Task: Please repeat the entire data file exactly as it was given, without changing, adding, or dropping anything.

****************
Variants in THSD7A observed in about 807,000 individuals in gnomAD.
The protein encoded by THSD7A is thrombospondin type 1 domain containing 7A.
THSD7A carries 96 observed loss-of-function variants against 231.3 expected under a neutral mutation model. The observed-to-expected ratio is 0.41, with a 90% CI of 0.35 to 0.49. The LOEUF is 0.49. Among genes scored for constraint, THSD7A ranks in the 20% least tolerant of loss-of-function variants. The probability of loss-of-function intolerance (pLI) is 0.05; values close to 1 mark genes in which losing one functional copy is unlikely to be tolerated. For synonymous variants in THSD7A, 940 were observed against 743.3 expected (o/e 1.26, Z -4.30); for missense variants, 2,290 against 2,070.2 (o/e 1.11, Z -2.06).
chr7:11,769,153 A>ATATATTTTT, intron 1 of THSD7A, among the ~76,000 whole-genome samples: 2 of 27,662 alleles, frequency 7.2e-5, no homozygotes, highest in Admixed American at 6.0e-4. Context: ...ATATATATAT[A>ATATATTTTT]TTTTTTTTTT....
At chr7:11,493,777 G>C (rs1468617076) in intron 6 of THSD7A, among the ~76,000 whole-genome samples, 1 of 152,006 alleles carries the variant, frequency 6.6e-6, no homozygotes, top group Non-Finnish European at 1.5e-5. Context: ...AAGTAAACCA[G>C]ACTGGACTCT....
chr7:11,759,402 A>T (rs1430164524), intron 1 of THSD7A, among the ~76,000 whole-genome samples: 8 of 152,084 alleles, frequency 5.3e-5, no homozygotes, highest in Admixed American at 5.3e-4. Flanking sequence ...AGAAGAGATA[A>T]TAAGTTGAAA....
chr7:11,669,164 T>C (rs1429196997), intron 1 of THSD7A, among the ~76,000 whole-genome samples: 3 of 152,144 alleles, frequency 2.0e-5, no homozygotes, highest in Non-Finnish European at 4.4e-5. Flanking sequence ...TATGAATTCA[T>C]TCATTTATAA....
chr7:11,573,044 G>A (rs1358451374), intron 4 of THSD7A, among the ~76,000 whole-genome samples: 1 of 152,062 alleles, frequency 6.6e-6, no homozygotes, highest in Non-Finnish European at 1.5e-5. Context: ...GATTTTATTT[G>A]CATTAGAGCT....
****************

Variants in THSD7A observed in about 807,000 individuals in gnomAD.
The protein encoded by THSD7A is thrombospondin type 1 domain containing 7A.
THSD7A carries 96 observed loss-of-function variants against 231.3 expected under a neutral mutation model. The observed-to-expected ratio is 0.41, with a 90% CI of 0.35 to 0.49. The LOEUF is 0.49. Among genes scored for constraint, THSD7A ranks in the 20% least tolerant of loss-of-function variants. The probability of loss-of-function intolerance (pLI) is 0.05; values close to 1 mark genes in which losing one functional copy is unlikely to be tolerated. For synonymous variants in THSD7A, 940 were observed against 743.3 expected (o/e 1.26, Z -4.30); for missense variants, 2,290 against 2,070.2 (o/e 1.11, Z -2.06).
chr7:11,769,153 A>ATATATTTTT, intron 1 of THSD7A, among the ~76,000 whole-genome samples: 2 of 27,662 alleles, frequency 7.2e-5, no homozygotes, highest in Admixed American at 6.0e-4. Context: ...ATATATATAT[A>ATATATTTTT]TTTTTTTTTT....
At chr7:11,493,777 G>C (rs1468617076) in intron 6 of THSD7A, among the ~76,000 whole-genome samples, 1 of 152,006 alleles carries the variant, frequency 6.6e-6, no homozygotes, top group Non-Finnish European at 1.5e-5. Context: ...AAGTAAACCA[G>C]ACTGGACTCT....
chr7:11,759,402 A>T (rs1430164524), intron 1 of THSD7A, among the ~76,000 whole-genome samples: 8 of 152,084 alleles, frequency 5.3e-5, no homozygotes, highest in Admixed American at 5.3e-4. Flanking sequence ...AGAAGAGATA[A>T]TAAGTTGAAA....
chr7:11,669,164 T>C (rs1429196997), intron 1 of THSD7A, among the ~76,000 whole-genome samples: 3 of 152,144 alleles, frequency 2.0e-5, no homozygotes, highest in Non-Finnish European at 4.4e-5. Flanking sequence ...TATGAATTCA[T>C]TCATTTATAA....
chr7:11,573,044 G>A (rs1358451374), intron 4 of THSD7A, among the ~76,000 whole-genome samples: 1 of 152,062 alleles, frequency 6.6e-6, no homozygotes, highest in Non-Finnish European at 1.5e-5. Context: ...GATTTTATTT[G>A]CATTAGAGCT....